SIP gaining momentum
While SIP is not as broadly deployed as H.323 in enterprise environments, it has rapidly gained momentum for service providers to carry enterprise and consumer VoIP traffic across their backbones. Service providers are now requesting SIP technologies in their RFPs for new equipment, and are migrating to softswitches that nimbly set up and tear down calls between proxies, SIP clients and PSTN gateways. SIP also allows service providers to offer outsourced services that were not possible with TDM or H.323 technologies. Components like voicemail or conferencing systems can be integrated into enterprise PBXs using SIP across network boundaries, providing service providers with new revenue and enterprises with options to outsource non-strategic components.

Although SIP is considered a mature protocol, it is not 100% complete as a standard. Standards are still being developed, especially in the privacy and security areas, and enhancements to the feature set will continue for the foreseeable future. SIMPLE still has more fundamental architecture decisions being ironed out in the IETF.

While H.323 will continue to play a major role in the future of VoIP, SIP deployments will begin to gain popularity. The underlying protocol itself has not been the driver for implementation decisions -- decisions are more effectively made based on the business and application requirements. Depending on the application, one or the other may make more sense, and in many environments, there will be a place for both!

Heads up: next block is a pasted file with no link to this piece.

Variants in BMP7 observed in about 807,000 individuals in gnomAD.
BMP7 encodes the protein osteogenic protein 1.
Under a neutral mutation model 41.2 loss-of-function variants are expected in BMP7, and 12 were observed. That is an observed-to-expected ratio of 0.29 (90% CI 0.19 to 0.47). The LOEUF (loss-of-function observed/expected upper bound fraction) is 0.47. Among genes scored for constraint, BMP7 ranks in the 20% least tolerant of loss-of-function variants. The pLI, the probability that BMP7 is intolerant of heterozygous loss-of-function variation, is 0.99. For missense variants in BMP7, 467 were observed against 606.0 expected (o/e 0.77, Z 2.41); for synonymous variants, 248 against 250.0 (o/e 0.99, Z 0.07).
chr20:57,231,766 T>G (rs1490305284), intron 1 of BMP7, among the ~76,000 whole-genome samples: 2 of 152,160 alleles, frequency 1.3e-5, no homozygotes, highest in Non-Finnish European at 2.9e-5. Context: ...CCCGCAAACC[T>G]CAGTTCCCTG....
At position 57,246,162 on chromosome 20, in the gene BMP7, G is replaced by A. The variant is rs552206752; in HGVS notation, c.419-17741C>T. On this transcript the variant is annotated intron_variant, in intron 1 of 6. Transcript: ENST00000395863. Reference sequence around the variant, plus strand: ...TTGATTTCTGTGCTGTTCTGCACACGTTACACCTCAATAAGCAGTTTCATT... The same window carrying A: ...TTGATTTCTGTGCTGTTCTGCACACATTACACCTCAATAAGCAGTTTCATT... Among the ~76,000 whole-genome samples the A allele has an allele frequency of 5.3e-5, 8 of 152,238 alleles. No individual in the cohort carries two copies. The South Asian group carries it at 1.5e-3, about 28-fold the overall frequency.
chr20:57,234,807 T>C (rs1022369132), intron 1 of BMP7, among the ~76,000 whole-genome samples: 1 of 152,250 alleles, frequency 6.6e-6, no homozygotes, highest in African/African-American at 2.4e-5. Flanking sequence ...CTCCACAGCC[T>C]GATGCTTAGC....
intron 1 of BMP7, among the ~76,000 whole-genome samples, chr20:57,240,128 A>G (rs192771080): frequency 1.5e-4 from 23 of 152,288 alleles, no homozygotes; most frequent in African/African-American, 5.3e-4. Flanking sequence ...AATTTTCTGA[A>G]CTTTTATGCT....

Early adopters have seen value in SIP as an open-standard, device-independent and flexible protocol for the enterprise environment and many other customers are complementing their H.323 environments, using SIP where it makes sense.

About the author
Christian Stegh is the IP telephony practice leader for Avaya's North American region. His experience includes deploying and maintaining IP networks for an enterprise IT staff, designing converged networks, and integrating Avaya IP Telephony solutions into hundreds of client networks. His current responsibilities include providing Avaya's product developers with requirements, direction, and input from Avaya clients. He sits on Avaya's Security Steering Committee, multiple product decision teams, and speaks regularly at IEEE and industry events. He has a Bachelor's in Electrical Engineering and his MBA is from the University of Iowa.

For more information on SIP, visit the Avaya SIP portal.